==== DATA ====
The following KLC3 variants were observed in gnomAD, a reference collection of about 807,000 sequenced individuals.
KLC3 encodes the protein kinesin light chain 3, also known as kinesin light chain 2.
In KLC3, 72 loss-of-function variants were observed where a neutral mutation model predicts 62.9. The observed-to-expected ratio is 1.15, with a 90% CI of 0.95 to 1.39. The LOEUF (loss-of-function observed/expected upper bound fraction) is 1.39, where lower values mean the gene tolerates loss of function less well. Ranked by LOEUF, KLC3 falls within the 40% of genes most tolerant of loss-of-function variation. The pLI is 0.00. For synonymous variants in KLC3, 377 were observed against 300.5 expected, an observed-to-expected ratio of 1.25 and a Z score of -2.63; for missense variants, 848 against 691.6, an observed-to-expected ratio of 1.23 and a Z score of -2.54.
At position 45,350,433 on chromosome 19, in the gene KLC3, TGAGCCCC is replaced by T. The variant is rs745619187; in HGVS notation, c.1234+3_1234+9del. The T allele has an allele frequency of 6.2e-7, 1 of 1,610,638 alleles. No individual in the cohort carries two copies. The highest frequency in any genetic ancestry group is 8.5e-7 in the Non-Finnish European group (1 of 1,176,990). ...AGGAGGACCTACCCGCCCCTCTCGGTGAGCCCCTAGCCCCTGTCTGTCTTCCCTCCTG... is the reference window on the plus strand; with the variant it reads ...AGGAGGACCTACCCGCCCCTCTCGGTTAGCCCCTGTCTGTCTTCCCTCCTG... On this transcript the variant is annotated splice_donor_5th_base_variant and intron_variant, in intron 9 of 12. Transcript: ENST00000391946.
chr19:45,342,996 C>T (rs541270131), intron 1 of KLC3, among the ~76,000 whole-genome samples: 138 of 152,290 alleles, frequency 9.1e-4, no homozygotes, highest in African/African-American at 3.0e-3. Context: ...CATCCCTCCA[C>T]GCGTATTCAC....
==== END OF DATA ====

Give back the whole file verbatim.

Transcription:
The following KLC3 variants were observed in gnomAD, a reference collection of about 807,000 sequenced individuals.
KLC3 encodes the protein kinesin light chain 3, also known as kinesin light chain 2.
In KLC3, 72 loss-of-function variants were observed where a neutral mutation model predicts 62.9. The observed-to-expected ratio is 1.15, with a 90% CI of 0.95 to 1.39. The LOEUF (loss-of-function observed/expected upper bound fraction) is 1.39, where lower values mean the gene tolerates loss of function less well. Ranked by LOEUF, KLC3 falls within the 40% of genes most tolerant of loss-of-function variation. The pLI is 0.00. For synonymous variants in KLC3, 377 were observed against 300.5 expected, an observed-to-expected ratio of 1.25 and a Z score of -2.63; for missense variants, 848 against 691.6, an observed-to-expected ratio of 1.23 and a Z score of -2.54.
At position 45,350,433 on chromosome 19, in the gene KLC3, TGAGCCCC is replaced by T. The variant is rs745619187; in HGVS notation, c.1234+3_1234+9del. The T allele has an allele frequency of 6.2e-7, 1 of 1,610,638 alleles. No individual in the cohort carries two copies. The highest frequency in any genetic ancestry group is 8.5e-7 in the Non-Finnish European group (1 of 1,176,990). ...AGGAGGACCTACCCGCCCCTCTCGGTGAGCCCCTAGCCCCTGTCTGTCTTCCCTCCTG... is the reference window on the plus strand; with the variant it reads ...AGGAGGACCTACCCGCCCCTCTCGGTTAGCCCCTGTCTGTCTTCCCTCCTG... On this transcript the variant is annotated splice_donor_5th_base_variant and intron_variant, in intron 9 of 12. Transcript: ENST00000391946.
chr19:45,342,996 C>T (rs541270131), intron 1 of KLC3, among the ~76,000 whole-genome samples: 138 of 152,290 alleles, frequency 9.1e-4, no homozygotes, highest in African/African-American at 3.0e-3. Context: ...CATCCCTCCA[C>T]GCGTATTCAC....